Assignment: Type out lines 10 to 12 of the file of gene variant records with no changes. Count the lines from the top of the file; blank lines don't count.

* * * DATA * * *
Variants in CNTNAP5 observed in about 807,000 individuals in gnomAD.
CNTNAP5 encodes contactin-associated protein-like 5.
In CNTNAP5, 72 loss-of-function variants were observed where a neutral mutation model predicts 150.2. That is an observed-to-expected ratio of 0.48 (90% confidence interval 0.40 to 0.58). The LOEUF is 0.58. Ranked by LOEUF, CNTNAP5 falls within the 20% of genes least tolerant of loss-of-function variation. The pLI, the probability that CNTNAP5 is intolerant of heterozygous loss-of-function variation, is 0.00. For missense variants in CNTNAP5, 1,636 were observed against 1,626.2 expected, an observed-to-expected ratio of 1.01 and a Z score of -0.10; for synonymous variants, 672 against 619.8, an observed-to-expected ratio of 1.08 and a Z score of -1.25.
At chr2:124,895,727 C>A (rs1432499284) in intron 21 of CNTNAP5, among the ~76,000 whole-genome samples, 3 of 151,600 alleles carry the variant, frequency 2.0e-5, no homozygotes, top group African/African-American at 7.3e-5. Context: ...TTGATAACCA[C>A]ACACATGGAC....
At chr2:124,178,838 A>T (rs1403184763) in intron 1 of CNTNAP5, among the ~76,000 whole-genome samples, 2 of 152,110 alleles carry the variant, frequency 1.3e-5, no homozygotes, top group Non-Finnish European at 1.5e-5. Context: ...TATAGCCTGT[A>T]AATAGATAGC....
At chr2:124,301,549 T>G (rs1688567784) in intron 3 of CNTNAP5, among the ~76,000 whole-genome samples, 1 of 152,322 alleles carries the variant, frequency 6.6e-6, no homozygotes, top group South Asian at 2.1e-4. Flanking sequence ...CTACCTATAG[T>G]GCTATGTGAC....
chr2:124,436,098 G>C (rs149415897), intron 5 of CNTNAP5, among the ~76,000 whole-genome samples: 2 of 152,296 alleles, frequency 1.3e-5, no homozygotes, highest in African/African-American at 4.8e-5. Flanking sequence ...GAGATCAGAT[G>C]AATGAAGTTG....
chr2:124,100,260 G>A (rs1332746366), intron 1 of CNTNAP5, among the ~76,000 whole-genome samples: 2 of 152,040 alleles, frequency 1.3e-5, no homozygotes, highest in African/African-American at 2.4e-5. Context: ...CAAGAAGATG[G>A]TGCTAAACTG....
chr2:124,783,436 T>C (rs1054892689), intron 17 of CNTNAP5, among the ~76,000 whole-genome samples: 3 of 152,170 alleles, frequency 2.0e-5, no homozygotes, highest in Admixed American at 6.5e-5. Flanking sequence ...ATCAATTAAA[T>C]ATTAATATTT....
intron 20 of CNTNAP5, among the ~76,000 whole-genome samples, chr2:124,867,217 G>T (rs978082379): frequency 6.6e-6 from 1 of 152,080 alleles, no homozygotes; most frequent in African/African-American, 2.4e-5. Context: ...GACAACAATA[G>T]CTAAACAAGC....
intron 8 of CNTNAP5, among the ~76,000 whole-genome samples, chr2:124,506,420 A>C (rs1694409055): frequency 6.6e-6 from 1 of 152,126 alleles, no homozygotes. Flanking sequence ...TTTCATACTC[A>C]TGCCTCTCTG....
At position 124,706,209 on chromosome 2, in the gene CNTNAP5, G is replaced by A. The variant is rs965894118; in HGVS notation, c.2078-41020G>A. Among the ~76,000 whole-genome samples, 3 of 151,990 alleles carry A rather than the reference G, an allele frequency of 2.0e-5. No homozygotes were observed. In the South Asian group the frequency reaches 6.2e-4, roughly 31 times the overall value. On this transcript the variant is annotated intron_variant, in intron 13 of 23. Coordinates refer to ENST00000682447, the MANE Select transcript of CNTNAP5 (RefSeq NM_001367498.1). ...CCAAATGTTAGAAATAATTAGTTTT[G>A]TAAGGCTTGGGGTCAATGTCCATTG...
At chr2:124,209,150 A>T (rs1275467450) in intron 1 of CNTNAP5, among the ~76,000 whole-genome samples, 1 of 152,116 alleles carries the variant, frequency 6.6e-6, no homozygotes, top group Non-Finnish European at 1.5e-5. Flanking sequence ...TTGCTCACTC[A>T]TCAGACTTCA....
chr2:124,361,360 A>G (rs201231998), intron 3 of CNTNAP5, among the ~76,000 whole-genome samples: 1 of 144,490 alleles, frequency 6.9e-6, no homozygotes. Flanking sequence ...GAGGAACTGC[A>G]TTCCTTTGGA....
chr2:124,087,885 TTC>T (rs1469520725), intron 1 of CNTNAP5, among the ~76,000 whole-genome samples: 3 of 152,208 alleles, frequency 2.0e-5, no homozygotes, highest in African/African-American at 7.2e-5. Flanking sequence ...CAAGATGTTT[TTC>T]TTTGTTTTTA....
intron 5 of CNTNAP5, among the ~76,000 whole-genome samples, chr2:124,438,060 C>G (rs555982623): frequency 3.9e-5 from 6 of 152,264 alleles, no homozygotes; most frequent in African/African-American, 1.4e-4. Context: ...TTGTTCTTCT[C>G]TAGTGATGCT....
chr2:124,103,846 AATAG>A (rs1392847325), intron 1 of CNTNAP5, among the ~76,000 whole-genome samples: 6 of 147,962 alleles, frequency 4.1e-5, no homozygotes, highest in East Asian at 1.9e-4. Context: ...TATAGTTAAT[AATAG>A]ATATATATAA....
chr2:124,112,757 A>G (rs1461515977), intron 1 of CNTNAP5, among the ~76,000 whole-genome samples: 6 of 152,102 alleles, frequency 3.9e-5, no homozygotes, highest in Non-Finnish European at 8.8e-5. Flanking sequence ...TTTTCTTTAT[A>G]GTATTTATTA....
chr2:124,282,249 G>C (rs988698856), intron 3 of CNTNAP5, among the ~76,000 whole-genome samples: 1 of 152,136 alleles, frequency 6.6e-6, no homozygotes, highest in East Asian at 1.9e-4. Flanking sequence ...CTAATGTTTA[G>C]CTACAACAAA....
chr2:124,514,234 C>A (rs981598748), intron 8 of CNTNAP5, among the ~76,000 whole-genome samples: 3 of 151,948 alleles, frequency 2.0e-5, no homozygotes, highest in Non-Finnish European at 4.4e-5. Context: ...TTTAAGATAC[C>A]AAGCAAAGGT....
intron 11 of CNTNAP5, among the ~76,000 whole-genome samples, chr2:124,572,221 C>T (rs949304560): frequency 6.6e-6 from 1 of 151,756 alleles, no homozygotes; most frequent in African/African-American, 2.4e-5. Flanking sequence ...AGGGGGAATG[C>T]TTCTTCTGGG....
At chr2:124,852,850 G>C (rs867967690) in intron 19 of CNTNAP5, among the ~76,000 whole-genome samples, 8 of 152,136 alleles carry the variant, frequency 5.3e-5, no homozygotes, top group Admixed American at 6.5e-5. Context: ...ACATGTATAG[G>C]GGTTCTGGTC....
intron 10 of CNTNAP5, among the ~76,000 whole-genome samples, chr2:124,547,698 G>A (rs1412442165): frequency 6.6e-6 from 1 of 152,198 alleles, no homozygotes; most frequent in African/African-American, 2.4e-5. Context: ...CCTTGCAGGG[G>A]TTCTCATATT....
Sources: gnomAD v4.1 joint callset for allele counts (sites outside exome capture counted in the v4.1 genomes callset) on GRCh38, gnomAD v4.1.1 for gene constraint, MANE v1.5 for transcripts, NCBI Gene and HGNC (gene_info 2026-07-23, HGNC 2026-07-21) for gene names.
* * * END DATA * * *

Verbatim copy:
intron 20 of CNTNAP5, among the ~76,000 whole-genome samples, chr2:124,867,217 G>T (rs978082379): frequency 6.6e-6 from 1 of 152,080 alleles, no homozygotes; most frequent in African/African-American, 2.4e-5. Context: ...GACAACAATA[G>T]CTAAACAAGC....
intron 8 of CNTNAP5, among the ~76,000 whole-genome samples, chr2:124,506,420 A>C (rs1694409055): frequency 6.6e-6 from 1 of 152,126 alleles, no homozygotes. Flanking sequence ...TTTCATACTC[A>C]TGCCTCTCTG....
At position 124,706,209 on chromosome 2, in the gene CNTNAP5, G is replaced by A. The variant is rs965894118; in HGVS notation, c.2078-41020G>A. Among the ~76,000 whole-genome samples, 3 of 151,990 alleles carry A rather than the reference G, an allele frequency of 2.0e-5. No homozygotes were observed. In the South Asian group the frequency reaches 6.2e-4, roughly 31 times the overall value. On this transcript the variant is annotated intron_variant, in intron 13 of 23. Coordinates refer to ENST00000682447, the MANE Select transcript of CNTNAP5 (RefSeq NM_001367498.1). ...CCAAATGTTAGAAATAATTAGTTTT[G>A]TAAGGCTTGGGGTCAATGTCCATTG...